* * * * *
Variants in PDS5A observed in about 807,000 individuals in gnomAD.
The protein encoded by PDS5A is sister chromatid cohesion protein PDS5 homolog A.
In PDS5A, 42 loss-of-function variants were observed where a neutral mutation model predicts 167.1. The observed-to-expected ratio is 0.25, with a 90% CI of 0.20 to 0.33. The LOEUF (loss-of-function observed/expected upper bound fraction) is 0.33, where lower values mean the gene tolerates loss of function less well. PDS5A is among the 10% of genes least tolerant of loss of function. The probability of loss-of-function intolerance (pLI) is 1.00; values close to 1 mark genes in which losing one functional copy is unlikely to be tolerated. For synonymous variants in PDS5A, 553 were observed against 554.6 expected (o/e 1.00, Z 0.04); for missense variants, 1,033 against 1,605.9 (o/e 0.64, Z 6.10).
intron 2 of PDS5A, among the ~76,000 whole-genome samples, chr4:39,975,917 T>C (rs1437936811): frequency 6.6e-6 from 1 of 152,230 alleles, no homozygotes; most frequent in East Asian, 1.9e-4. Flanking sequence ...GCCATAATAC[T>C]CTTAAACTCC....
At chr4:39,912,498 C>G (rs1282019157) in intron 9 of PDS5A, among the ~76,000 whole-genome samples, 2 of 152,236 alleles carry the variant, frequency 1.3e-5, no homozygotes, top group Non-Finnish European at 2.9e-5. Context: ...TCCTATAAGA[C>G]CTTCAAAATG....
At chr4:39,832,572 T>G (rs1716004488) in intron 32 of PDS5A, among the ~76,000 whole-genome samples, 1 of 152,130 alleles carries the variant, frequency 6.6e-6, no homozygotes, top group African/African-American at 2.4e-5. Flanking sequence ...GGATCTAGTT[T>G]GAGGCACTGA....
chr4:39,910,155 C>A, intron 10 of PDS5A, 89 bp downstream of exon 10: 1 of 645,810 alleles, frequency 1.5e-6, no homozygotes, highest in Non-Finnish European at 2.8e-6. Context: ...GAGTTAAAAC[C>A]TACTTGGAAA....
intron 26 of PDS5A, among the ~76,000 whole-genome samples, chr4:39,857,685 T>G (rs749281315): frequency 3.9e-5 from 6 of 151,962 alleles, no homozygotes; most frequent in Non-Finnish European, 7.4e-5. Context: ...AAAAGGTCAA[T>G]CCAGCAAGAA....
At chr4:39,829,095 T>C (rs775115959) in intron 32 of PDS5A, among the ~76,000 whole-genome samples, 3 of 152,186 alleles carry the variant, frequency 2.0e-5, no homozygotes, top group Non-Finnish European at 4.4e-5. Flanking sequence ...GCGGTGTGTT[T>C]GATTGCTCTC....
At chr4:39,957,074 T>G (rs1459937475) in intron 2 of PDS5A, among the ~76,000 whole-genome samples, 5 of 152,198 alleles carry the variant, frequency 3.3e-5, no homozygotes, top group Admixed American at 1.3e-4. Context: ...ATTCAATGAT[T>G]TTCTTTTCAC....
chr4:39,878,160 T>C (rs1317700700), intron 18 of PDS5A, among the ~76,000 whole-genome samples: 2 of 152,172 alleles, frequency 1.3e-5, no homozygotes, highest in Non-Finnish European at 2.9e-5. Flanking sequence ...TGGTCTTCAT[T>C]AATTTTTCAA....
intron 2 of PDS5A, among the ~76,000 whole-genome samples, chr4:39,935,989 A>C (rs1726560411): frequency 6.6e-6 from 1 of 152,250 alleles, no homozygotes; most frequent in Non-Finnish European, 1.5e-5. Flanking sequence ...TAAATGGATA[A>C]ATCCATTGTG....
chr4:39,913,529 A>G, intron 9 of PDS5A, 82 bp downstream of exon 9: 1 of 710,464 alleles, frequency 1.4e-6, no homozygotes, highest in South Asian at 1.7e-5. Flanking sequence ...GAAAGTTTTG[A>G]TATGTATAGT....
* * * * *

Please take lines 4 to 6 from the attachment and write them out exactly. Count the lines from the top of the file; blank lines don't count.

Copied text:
intron 2 of PDS5A, among the ~76,000 whole-genome samples, chr4:39,975,917 T>C (rs1437936811): frequency 6.6e-6 from 1 of 152,230 alleles, no homozygotes; most frequent in East Asian, 1.9e-4. Flanking sequence ...GCCATAATAC[T>C]CTTAAACTCC....
At chr4:39,912,498 C>G (rs1282019157) in intron 9 of PDS5A, among the ~76,000 whole-genome samples, 2 of 152,236 alleles carry the variant, frequency 1.3e-5, no homozygotes, top group Non-Finnish European at 2.9e-5. Context: ...TCCTATAAGA[C>G]CTTCAAAATG....
At chr4:39,832,572 T>G (rs1716004488) in intron 32 of PDS5A, among the ~76,000 whole-genome samples, 1 of 152,130 alleles carries the variant, frequency 6.6e-6, no homozygotes, top group African/African-American at 2.4e-5. Flanking sequence ...GGATCTAGTT[T>G]GAGGCACTGA....